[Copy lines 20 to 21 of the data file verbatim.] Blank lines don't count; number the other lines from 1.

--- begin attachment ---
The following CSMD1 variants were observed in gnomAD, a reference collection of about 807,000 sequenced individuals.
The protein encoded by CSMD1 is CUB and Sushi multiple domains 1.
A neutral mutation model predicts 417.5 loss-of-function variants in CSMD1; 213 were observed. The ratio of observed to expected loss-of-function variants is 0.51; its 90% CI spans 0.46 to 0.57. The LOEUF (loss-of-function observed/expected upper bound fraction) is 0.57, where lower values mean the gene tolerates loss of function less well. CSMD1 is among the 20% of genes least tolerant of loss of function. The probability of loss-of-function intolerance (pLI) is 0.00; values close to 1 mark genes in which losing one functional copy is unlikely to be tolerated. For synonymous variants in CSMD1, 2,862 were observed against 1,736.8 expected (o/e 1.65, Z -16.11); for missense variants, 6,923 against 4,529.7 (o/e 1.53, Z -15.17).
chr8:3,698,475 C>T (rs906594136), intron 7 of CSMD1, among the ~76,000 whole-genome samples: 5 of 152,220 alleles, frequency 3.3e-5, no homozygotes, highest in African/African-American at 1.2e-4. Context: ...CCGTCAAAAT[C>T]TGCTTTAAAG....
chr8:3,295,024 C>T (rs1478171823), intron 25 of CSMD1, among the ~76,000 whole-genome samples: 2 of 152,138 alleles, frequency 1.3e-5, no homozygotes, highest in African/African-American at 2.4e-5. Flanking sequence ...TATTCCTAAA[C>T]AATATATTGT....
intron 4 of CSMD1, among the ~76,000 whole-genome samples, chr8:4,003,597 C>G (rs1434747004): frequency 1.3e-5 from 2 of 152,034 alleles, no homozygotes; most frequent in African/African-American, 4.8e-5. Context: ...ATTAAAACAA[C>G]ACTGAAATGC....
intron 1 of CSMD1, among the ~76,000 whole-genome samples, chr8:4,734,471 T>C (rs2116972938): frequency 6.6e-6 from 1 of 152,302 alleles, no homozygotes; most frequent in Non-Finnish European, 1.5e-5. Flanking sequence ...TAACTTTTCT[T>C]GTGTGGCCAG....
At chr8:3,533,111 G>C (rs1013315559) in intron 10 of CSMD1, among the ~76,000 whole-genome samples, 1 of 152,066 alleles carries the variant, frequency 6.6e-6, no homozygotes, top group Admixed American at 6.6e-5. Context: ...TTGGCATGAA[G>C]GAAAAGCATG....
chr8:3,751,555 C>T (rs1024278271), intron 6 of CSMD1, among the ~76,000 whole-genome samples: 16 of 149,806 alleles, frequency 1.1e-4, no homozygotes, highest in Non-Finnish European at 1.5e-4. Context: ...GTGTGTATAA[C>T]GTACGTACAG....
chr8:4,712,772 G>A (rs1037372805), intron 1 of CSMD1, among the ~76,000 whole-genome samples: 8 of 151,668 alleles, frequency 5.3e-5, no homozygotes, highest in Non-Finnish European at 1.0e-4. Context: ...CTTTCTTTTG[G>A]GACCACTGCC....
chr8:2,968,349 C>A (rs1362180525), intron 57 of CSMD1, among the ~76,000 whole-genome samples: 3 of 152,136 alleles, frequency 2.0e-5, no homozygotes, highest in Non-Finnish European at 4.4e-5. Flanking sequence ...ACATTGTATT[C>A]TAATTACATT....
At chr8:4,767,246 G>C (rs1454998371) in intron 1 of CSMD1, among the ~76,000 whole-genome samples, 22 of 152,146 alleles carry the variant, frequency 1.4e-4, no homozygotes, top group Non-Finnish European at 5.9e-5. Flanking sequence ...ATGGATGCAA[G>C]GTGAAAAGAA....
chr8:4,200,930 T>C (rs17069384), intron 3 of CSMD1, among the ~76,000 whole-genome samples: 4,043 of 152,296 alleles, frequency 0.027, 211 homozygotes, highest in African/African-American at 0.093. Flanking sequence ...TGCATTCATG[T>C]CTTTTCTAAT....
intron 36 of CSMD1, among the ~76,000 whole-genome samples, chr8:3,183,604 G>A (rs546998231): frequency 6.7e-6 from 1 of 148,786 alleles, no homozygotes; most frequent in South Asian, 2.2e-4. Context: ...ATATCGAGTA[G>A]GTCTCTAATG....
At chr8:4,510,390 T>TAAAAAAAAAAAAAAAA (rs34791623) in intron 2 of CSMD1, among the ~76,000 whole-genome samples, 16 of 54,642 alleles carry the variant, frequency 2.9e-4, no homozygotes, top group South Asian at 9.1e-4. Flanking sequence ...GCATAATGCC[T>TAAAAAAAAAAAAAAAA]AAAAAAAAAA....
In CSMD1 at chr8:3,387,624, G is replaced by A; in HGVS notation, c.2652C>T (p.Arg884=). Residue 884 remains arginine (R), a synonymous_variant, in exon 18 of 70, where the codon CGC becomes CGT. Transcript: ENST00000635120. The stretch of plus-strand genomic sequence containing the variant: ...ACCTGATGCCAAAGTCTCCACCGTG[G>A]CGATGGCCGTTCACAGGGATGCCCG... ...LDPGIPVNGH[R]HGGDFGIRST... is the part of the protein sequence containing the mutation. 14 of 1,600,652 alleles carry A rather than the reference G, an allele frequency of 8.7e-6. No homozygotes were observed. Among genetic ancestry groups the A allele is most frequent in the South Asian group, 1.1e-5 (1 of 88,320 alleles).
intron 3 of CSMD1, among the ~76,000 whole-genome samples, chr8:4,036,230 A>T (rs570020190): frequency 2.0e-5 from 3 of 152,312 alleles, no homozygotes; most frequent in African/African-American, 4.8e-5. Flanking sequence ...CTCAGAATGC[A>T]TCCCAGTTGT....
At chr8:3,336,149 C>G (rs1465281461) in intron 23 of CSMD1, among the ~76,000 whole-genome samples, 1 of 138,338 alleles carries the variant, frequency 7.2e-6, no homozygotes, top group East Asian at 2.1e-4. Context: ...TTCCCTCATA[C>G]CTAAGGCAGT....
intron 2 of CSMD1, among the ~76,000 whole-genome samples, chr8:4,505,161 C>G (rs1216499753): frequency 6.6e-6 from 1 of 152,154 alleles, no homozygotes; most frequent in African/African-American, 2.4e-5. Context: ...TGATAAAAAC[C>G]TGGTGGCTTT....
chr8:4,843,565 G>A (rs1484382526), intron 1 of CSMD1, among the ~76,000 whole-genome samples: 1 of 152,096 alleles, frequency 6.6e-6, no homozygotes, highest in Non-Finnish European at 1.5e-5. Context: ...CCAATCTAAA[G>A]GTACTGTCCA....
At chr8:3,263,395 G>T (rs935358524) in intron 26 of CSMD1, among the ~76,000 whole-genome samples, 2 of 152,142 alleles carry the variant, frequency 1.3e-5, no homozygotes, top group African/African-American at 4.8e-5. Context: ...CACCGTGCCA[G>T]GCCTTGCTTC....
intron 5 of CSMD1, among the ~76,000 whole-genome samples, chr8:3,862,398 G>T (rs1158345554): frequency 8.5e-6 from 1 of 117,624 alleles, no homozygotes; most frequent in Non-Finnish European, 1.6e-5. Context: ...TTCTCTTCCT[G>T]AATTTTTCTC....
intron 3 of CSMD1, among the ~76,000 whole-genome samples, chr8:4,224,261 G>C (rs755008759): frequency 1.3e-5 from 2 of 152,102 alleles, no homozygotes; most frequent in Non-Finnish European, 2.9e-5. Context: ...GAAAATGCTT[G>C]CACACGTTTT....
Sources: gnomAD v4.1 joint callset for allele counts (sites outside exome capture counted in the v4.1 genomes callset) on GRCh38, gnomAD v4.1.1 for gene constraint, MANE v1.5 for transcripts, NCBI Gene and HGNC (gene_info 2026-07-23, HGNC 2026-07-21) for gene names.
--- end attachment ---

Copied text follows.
chr8:4,843,565 G>A (rs1484382526), intron 1 of CSMD1, among the ~76,000 whole-genome samples: 1 of 152,096 alleles, frequency 6.6e-6, no homozygotes, highest in Non-Finnish European at 1.5e-5. Context: ...CCAATCTAAA[G>A]GTACTGTCCA....
At chr8:3,263,395 G>T (rs935358524) in intron 26 of CSMD1, among the ~76,000 whole-genome samples, 2 of 152,142 alleles carry the variant, frequency 1.3e-5, no homozygotes, top group African/African-American at 4.8e-5. Context: ...CACCGTGCCA[G>T]GCCTTGCTTC....